I recently had the privilege of participating in Vicki Davis’s show, 10 minute teacher. We talked about teaching students new Media Literacy skills in the era of “Fake News.”
Devices have become omnipresent in our classrooms. Often, these tools are used as expensive, electronic content delivery systems. However, the real power in technology in schools is that it empowers students to become content creators. Smartphones and tablets, even more so, have allowed them to become mobile and agile ones. Most educators know that individuals learn far more about a topic when they must explain it to someone else. Additionally, by employing multiple learning modalities through the creative process (tactile, kinesthetic, visible, etc), students process material more thoroughly. As you think about your lesson plans in the future, consider empowering students to create rather than just consume. Here are a few ways to do just that.
Create a Video
I am a fan of giving students guiding questions and parameters, then having them make an educational video. In my documentaries project, students must answer address a specific topic (e.g. “Where did George Washington get his reputation for honesty?” or “Was Benedict Arnold solely a villain of the Revolutionary War?”). We talk about creating
content in an engaging way, incorporating images and videos effectively (and ethically), pacing content, and selecting what to include or leave out. Videos are not exclusive to the humanities. I have seen math teachers effectively use them by having students demonstrate how to solve complex problems and science teachers as a recording and reflection for labs. I also encourage students to post their videos publicly (when age appropriate) or to the class via a closed portal (for younger students). By posting their videos publicly and sharing with the class, they are presenting to an authentic audience. Making a video is easy and can by done with a smartphone, tablet, and/or computer. Free software options include iMovie (MacOS & iOS), Movie Maker (Windows), and FilmoraGo (iOS & Android).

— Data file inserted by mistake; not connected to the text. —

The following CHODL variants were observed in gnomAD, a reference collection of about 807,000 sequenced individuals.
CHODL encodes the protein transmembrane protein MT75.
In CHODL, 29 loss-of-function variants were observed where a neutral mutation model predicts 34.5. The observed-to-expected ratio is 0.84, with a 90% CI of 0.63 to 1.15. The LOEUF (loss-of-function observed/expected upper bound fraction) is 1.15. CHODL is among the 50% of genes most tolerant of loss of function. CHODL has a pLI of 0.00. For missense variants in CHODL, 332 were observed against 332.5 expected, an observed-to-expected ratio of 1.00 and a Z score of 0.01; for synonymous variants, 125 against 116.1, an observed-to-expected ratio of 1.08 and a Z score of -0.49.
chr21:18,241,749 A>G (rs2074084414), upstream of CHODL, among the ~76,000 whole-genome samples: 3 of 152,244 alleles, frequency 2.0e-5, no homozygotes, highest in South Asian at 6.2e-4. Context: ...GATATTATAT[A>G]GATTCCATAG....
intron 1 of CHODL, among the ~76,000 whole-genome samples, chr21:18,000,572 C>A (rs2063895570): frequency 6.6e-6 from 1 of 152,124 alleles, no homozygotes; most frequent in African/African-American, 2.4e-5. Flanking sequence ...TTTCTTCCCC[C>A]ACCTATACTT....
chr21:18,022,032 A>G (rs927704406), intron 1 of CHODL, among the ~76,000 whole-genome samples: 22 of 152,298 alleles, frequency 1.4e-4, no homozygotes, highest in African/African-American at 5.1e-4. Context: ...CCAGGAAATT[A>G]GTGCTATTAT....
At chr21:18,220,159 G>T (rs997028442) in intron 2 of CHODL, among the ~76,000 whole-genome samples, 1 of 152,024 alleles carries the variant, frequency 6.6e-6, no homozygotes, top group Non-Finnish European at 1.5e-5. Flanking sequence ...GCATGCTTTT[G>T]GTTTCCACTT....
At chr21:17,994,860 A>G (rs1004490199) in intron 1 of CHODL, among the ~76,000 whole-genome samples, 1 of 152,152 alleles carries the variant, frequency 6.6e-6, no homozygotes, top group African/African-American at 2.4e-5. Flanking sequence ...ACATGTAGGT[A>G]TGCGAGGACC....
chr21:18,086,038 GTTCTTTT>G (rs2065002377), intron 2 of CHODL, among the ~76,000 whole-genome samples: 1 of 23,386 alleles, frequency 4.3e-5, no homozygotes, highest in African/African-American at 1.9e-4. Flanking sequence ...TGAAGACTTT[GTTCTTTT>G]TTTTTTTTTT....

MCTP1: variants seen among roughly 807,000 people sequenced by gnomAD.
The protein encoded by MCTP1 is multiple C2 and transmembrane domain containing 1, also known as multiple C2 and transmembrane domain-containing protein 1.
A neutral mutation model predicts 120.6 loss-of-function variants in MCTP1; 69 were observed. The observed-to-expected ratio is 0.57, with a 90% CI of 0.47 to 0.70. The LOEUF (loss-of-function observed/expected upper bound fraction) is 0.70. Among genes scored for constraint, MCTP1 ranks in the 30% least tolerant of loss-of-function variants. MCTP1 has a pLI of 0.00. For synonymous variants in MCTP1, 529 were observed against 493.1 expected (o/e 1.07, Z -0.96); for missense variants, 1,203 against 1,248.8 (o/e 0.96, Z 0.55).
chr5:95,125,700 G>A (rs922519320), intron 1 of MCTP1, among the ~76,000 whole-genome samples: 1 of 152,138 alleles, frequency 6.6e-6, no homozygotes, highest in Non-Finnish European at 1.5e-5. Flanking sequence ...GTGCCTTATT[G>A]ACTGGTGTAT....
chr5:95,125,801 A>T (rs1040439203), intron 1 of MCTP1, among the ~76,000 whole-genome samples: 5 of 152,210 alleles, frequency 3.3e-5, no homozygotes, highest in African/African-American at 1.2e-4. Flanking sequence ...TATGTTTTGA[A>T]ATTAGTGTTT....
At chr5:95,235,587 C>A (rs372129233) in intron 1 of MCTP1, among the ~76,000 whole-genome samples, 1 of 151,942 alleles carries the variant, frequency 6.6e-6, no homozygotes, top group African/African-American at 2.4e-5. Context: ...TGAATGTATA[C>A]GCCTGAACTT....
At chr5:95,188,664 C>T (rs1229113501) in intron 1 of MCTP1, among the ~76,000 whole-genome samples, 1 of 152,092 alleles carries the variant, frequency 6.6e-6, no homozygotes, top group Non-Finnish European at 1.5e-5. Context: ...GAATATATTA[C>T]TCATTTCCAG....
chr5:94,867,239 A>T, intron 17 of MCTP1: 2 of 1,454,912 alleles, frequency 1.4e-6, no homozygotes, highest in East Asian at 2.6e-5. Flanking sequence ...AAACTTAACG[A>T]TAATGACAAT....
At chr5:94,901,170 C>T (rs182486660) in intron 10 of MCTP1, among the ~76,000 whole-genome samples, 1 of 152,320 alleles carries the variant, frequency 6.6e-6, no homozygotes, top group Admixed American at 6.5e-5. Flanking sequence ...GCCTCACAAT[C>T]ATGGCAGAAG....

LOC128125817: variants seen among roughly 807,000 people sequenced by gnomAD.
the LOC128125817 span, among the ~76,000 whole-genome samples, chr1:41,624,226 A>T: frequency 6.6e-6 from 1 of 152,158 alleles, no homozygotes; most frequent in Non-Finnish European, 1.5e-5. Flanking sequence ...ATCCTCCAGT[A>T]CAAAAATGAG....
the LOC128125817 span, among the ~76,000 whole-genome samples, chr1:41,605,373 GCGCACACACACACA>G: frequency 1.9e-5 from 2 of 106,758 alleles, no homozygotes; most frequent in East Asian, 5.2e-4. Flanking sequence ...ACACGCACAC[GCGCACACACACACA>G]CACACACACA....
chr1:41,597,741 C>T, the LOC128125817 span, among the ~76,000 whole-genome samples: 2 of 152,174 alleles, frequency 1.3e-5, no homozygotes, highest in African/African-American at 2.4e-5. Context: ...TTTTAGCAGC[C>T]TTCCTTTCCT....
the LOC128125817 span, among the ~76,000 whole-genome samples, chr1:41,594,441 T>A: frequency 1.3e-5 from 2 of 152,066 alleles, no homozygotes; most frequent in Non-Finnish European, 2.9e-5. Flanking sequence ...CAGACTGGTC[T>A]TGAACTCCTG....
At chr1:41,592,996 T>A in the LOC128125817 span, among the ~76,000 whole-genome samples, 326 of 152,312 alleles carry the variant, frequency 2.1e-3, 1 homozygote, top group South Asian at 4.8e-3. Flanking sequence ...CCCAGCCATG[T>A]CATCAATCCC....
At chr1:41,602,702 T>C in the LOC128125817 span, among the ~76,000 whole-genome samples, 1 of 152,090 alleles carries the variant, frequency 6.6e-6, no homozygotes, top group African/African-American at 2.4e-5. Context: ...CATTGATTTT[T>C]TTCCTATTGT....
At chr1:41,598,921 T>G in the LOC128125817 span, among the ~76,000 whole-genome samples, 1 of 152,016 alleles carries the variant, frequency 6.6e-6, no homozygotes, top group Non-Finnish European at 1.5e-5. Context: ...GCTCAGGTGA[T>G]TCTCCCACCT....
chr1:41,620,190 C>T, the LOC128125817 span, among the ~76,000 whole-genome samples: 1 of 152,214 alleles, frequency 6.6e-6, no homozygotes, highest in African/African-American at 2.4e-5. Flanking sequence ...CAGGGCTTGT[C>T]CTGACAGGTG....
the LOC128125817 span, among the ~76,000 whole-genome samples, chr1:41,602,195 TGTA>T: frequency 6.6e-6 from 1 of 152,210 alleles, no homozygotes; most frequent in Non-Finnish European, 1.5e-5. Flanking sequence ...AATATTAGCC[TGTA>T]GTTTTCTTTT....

Create a Podcast
Podcasts are become ever more popular. There are podcasts to cover news, popular entertainment, hobbies, sports, cultural phenomena, and more. Task your class with